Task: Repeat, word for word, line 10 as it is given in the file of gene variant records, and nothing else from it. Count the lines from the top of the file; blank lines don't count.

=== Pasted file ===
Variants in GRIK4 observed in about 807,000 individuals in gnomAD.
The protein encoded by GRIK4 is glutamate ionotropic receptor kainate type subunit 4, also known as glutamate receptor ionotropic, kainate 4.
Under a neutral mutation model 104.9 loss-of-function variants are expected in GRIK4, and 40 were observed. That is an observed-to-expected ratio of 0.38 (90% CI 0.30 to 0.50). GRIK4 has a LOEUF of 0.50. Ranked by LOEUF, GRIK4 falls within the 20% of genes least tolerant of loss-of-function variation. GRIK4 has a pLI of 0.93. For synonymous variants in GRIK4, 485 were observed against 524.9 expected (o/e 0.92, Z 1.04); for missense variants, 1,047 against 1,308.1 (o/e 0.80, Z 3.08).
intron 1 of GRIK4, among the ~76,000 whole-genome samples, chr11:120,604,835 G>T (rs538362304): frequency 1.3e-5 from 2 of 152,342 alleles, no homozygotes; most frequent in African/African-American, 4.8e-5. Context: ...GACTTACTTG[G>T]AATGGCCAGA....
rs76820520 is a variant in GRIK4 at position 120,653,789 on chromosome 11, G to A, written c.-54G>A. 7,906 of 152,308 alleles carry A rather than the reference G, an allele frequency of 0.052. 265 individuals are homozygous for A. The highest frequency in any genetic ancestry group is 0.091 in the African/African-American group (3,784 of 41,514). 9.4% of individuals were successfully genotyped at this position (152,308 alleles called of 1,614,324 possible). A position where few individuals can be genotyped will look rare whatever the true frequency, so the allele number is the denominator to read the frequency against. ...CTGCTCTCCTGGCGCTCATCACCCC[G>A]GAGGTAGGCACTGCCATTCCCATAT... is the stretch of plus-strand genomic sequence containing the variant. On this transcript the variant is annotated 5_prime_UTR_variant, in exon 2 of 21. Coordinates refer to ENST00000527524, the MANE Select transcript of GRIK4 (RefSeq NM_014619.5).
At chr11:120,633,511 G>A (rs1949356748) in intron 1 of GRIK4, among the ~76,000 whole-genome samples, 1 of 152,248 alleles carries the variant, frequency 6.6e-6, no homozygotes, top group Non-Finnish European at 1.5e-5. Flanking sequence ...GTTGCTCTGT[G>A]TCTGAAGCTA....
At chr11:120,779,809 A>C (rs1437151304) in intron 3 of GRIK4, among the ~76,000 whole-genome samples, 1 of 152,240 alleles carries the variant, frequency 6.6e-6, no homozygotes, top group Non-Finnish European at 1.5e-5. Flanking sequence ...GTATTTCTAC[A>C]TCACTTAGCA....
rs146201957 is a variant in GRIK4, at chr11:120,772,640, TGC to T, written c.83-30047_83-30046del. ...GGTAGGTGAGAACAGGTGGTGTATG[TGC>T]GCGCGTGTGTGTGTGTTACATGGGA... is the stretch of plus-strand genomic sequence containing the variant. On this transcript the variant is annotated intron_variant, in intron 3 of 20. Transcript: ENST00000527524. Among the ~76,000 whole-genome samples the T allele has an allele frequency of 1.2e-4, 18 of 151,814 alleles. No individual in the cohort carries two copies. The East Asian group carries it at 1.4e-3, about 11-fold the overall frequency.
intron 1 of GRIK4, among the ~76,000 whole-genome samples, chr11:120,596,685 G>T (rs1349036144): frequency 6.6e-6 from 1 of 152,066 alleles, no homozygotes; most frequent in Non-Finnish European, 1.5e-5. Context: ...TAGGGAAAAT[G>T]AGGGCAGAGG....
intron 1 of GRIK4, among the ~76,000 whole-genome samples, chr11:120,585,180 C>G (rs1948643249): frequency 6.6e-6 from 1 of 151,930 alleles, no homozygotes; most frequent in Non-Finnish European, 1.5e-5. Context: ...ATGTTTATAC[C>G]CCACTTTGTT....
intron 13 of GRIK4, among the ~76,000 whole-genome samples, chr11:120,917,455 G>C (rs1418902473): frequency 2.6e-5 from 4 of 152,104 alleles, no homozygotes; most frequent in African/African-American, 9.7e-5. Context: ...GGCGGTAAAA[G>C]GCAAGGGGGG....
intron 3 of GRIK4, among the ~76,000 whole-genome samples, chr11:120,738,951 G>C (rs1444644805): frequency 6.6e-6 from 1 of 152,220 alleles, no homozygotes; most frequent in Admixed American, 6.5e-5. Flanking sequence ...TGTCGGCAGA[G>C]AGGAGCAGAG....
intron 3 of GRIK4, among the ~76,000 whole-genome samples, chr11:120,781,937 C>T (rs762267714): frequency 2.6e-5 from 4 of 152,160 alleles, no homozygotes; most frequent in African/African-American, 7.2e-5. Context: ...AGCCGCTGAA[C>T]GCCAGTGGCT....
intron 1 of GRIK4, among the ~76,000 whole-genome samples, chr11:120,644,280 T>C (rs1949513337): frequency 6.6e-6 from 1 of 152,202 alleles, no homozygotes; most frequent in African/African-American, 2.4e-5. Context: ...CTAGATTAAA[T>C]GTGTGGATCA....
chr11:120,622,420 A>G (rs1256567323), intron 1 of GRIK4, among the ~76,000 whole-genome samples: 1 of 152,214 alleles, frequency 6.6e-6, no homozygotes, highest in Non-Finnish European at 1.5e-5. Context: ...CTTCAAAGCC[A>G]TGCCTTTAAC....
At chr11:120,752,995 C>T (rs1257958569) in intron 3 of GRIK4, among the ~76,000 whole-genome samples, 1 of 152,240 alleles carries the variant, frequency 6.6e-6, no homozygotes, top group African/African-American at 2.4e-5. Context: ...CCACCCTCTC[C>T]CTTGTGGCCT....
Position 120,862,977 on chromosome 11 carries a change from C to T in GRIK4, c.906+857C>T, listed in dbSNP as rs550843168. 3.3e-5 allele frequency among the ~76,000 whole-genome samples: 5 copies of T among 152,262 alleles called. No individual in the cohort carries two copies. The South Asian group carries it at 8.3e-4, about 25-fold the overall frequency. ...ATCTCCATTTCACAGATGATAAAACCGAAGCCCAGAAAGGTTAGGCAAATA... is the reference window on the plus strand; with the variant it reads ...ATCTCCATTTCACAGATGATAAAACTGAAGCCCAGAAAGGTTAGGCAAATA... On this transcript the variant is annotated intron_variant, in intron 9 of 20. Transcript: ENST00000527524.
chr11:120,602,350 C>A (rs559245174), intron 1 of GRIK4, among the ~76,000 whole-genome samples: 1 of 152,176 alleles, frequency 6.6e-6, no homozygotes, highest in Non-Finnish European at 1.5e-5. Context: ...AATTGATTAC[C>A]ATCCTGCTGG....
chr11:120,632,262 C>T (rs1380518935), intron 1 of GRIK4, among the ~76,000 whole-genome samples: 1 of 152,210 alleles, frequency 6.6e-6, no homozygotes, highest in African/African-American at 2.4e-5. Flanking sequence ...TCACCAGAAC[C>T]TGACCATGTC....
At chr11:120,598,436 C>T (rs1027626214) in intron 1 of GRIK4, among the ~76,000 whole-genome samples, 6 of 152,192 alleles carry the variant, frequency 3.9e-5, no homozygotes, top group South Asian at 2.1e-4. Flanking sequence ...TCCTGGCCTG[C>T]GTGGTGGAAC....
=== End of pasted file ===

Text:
intron 1 of GRIK4, among the ~76,000 whole-genome samples, chr11:120,585,180 C>G (rs1948643249): frequency 6.6e-6 from 1 of 151,930 alleles, no homozygotes; most frequent in Non-Finnish European, 1.5e-5. Context: ...ATGTTTATAC[C>G]CCACTTTGTT....